The Mookie Betts trade was just one component of what has been a crazy offseason across Major League Baseball. For a time, it looked like it might not even happen, but eventually the Boston Red Sox and Los Angeles Dodgers came to an agreement Monday. Betts and David Price went to the Dodgers, while Alex Verdugo, Jeter Downs and Connor Wong were sent to Boston.
In the initial iteration of this trade (which was reported February 4), there was another reported deal involving the Dodgers sending Joc Pederson, Ross Stripling and Andy Pages to the Los Angeles Angels for Luis Rengifo. But that trade was contingent on the Betts deal being completed. And by the time it was, Angels’ owner Arte Moreno was reportedly tired of waiting and decided there would be no deal with the Dodgers.
To me, it stands to reason there might still be a trade involving some of these players. If your organization were about to dot the i‘s and cross the t’s on shipping you to another team, you just might feel your team doesn’t value your presence on the roster all that much. But then again, I can’t conceive of how Jeff Bridich and Nolan Arenado can exist in the same organization while not on speaking terms with one another, so perhaps Major League Baseball organizations are content with poor communication skills as long as everyone goes about their business.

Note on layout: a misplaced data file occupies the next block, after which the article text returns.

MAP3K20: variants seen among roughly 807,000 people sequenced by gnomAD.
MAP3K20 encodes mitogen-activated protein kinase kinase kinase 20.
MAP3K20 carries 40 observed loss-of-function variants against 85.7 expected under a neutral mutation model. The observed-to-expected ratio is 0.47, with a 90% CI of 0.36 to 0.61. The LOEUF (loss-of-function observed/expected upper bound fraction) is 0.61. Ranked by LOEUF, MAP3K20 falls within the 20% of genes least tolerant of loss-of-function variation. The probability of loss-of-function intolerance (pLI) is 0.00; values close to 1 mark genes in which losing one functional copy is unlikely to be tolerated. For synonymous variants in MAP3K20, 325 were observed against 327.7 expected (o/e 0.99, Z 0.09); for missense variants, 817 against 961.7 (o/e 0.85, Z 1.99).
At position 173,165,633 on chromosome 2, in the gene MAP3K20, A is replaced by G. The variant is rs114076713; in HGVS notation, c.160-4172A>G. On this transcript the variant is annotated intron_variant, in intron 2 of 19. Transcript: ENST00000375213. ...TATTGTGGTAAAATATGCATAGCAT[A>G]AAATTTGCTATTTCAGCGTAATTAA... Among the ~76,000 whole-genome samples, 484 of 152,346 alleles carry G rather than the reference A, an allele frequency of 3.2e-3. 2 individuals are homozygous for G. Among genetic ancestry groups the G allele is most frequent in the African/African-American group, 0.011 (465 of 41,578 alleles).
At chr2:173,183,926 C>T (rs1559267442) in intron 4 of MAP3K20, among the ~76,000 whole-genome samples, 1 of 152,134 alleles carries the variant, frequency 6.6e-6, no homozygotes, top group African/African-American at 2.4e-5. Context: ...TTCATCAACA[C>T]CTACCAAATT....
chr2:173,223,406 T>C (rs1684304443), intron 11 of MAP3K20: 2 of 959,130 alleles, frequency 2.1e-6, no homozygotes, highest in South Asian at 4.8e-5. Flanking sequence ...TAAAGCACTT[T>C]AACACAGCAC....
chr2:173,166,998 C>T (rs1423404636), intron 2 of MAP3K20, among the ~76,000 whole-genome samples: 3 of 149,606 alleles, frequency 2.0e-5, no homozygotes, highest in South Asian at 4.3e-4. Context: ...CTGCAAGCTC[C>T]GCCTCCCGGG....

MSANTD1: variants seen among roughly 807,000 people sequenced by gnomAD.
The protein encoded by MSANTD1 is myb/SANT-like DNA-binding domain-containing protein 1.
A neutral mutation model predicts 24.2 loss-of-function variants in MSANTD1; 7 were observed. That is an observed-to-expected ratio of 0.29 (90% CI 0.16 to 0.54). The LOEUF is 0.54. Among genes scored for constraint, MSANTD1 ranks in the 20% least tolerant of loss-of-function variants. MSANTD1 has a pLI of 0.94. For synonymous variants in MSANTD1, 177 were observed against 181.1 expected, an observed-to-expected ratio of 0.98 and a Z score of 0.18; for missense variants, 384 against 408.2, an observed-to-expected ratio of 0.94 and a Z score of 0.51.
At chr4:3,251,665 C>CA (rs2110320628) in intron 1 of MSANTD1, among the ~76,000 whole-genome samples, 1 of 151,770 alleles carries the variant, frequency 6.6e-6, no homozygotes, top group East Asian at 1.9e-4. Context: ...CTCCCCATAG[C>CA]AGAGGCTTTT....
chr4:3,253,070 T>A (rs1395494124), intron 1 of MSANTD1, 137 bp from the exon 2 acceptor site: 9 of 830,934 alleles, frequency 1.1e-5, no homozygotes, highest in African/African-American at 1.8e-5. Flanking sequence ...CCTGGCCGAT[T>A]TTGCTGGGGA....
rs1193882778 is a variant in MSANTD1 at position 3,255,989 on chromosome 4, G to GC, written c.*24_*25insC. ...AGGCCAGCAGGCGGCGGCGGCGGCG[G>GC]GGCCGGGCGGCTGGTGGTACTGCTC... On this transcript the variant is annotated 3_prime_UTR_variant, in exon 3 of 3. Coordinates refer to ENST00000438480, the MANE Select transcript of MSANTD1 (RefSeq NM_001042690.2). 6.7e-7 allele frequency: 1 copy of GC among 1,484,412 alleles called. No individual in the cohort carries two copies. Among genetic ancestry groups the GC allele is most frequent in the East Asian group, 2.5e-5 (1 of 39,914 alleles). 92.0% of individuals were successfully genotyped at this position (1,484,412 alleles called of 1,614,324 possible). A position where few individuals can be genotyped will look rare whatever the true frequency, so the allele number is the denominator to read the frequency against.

But let’s say the Dodgers are still looking to pull off this deal. Who could they do this trade with?
Well, there just so happens to be a certain team out there who hasn’t done much to improve the roster this offseason. A team that hasn’t added any players via trade and the only team that hasn’t signed a free agent to a guaranteed major league contract. The Dodgers are their division rival, but perhaps it’s time to explore this if you are the Colorado Rockies.
Stripling and Pederson are both good players. And when you have a chance to add more good players to your roster, you should probably pursue that route. It’s kind of how a team like the Dodgers has gotten to have their sustained success.
Let’s first look at where these two players could fit on the Rockies’ roster, and then we’ll consider whom the Rockies would need to part with.